Children are naturally curious and open to learning new ideas without prejudice. They think freely without the social restrictions imposed on us as adults.
Love is not limited to one person. Children instinctively get this, as they love both their parents, not just one. Though not romantic, their love is directed towards several individuals: their parents, their siblings, even their pets. Love knows no boundaries. Polyamory is basically love for human beings. And children naturally love and are loved by more than one person.
As long as your relationship is loving and positive, your child will develop in a healthy manner. With one out of three monogamous relationships being bad, what matters is not whether your relationship is monogamous or not, but rather the quality of your relationships with your partners.
We are all born with the capacity to love more than two people simultaneously.
In fact, all children are polyamorous!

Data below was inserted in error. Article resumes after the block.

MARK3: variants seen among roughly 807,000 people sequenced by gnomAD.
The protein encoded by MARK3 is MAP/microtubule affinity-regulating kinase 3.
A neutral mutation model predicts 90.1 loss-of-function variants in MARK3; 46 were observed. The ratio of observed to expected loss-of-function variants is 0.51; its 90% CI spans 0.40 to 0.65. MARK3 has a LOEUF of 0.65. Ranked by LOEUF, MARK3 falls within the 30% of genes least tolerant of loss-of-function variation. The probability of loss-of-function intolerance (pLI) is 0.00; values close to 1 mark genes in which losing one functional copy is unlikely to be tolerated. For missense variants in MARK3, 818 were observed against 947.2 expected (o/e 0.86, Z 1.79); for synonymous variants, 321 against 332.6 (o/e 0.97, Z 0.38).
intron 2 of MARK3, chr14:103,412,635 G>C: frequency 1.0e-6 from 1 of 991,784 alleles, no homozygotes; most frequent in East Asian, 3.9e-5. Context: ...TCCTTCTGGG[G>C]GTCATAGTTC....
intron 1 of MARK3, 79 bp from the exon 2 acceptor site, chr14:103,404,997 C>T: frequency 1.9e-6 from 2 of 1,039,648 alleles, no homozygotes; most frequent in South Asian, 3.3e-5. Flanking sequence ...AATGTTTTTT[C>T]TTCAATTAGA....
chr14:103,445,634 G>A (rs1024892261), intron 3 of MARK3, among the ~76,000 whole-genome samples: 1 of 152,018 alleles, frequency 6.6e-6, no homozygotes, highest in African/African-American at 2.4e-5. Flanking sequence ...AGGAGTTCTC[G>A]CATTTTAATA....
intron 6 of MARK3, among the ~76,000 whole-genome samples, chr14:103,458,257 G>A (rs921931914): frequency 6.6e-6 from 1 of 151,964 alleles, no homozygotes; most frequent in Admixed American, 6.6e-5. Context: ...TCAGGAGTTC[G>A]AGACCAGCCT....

The younger the children are, the more readily they can accept additional partners in their parents’ lives. In contrast, older children or adolescents raised by monogamous parents have undergone a gradual process of conversion by which they have come to adopt monogamy as the only legitimate type of relationship and see non-monogamous relationships as flawed or frivolous. The older the children get, the more ingrained monogamy becomes in their views. Thus, when formerly monogamous parents of older children and adolescents suddenly introduce a new romantic partner or partners, they are likely to confuse and undermine the sense of security of their children, who have been brought up on the sacred values of monogamy.